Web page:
Hepatitis C treatment scale-up as prevention in the prisons - Implementation toolkit.

This toolkit describes the rationale and outlines the steps of planning, implementation and evaluation of programs designed to scale-up hepatitis C testing and treatment amongst individuals who are held by law in correctional centres (referred to here as prisoners and prisons respectively).

The toolkit was developed by clinicians, researchers, healthcare providers and correctional authorities, as well people from the affected communities (people in prison and people who use drugs) who were partners in the Surveillance and Treatment of Prisoners with hepatitis C (SToP-C) project.

The SToP-C study was a five-year research project conducted in four publically-operated prisons in New South Wales (NSW), Australia. SToP-C examined the effectiveness of increased testing and antiviral treatment for hepatitis C to reduce transmissions – that is ‘treatment-as-prevention’ (TasP), an approach shown to be effective against HIV infection.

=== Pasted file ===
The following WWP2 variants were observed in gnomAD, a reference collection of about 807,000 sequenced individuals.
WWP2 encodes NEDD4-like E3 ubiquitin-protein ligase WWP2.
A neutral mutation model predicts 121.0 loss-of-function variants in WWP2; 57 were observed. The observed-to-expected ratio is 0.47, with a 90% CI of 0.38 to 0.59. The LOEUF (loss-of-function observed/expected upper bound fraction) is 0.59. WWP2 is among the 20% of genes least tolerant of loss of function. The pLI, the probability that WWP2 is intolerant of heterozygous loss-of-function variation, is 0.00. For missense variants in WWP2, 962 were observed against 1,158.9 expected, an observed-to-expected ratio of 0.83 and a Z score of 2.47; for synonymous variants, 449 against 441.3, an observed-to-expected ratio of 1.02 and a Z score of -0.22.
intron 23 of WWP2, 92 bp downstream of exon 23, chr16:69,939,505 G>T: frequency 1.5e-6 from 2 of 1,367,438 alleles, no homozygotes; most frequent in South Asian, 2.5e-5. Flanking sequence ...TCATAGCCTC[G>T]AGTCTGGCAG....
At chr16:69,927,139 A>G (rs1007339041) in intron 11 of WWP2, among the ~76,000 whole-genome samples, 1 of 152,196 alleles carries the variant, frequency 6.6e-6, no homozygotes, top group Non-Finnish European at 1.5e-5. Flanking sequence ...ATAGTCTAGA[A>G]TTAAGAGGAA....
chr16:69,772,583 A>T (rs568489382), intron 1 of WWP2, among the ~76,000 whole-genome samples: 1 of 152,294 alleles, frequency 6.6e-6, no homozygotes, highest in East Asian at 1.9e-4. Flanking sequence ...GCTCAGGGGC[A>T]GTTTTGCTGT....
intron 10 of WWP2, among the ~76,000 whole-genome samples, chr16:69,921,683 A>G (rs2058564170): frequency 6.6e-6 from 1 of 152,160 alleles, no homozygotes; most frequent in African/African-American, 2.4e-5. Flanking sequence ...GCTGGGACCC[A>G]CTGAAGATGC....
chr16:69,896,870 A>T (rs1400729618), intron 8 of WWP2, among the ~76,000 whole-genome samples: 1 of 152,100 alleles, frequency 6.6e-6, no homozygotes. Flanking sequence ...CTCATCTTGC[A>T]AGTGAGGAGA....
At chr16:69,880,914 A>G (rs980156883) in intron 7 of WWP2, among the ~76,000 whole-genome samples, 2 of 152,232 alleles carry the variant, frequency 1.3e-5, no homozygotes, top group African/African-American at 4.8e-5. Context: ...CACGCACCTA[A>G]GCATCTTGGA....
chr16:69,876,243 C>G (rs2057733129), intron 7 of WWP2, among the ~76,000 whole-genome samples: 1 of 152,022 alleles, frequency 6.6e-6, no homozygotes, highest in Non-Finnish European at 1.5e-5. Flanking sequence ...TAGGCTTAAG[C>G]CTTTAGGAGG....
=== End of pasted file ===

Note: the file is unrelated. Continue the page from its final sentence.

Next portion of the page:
The success of SToP-C argues for scale-up of testing and treatment more broadly in the correctional sector, both in Australia and internationally. This will both improve the health of individual prisoners, and contribute to national and international elimination of hepatitis C as a public health threat.

“Everyone who has done the program [SToP-C} and been cured of it were speaking highly of it. That’s with the inmates who’ve done it. I’ve actually heard inmates who have done it, tell other inmates, “get on it, it’s alright, you just have to take a tablet in the morning and it fixes it”.


“The SToP-C trial presented excellent opportunities to provide people with hepatitis C in NSW prisons access to new treatment as well as exploring the role of treatment as a prevention tool.”

Health administrator